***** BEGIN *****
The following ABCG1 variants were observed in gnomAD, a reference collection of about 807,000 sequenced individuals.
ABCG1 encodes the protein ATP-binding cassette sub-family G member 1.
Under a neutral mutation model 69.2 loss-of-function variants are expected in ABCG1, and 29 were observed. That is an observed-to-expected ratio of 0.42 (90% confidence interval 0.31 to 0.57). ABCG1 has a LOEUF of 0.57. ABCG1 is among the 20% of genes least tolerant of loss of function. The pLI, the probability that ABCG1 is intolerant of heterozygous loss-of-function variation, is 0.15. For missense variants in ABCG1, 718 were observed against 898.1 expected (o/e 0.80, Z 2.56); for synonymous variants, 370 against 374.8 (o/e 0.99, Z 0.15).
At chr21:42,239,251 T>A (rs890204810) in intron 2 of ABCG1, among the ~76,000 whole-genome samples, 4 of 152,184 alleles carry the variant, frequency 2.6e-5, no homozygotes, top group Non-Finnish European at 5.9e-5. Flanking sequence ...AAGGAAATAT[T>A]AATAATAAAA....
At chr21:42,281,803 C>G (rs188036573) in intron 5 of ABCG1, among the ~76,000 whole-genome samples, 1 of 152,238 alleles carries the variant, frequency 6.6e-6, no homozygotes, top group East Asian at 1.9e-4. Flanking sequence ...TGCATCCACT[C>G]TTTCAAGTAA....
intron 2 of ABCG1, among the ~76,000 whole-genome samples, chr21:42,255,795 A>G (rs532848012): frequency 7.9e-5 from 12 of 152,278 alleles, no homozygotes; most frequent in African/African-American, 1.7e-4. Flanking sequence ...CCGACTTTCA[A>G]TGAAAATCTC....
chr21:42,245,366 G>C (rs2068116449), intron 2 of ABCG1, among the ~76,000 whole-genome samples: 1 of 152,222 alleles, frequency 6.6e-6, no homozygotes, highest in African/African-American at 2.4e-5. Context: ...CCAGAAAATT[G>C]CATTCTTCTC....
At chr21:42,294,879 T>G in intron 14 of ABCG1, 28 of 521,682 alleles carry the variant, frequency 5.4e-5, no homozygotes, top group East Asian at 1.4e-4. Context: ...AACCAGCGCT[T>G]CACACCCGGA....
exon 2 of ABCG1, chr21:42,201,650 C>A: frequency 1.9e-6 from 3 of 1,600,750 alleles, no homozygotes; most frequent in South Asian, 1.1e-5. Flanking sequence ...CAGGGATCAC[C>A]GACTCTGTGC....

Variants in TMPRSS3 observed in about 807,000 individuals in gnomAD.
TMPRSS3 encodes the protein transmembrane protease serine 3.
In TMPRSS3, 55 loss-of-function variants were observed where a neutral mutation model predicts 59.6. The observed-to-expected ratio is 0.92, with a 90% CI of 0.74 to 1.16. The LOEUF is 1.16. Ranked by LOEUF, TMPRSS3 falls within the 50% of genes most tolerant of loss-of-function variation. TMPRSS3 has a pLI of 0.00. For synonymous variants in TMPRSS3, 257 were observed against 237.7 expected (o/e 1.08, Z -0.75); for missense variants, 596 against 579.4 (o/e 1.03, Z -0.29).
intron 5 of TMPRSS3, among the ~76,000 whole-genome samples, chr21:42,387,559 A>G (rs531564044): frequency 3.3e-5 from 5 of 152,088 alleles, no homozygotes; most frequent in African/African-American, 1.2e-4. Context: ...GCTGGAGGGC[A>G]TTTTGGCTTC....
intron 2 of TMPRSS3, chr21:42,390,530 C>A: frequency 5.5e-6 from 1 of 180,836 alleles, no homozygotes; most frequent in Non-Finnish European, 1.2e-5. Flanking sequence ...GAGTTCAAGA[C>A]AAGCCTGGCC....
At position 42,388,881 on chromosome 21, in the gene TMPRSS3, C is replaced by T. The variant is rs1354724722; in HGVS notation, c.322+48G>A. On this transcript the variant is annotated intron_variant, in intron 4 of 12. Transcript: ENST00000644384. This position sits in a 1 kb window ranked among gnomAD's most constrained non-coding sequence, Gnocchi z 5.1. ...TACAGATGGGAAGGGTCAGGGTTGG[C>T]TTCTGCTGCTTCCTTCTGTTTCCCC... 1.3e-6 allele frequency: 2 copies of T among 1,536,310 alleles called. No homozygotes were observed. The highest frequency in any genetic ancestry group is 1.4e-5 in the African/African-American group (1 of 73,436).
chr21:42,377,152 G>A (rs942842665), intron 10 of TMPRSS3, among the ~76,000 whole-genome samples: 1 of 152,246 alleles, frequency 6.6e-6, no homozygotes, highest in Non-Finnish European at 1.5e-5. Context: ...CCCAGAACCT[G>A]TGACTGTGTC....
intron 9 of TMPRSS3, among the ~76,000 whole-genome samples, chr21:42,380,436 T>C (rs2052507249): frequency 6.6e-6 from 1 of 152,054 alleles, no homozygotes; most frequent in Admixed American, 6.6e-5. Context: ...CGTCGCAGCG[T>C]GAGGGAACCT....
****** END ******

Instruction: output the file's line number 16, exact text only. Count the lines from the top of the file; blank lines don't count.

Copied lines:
chr21:42,377,152 G>A (rs942842665), intron 10 of TMPRSS3, among the ~76,000 whole-genome samples: 1 of 152,246 alleles, frequency 6.6e-6, no homozygotes, highest in Non-Finnish European at 1.5e-5. Context: ...CCCAGAACCT[G>A]TGACTGTGTC....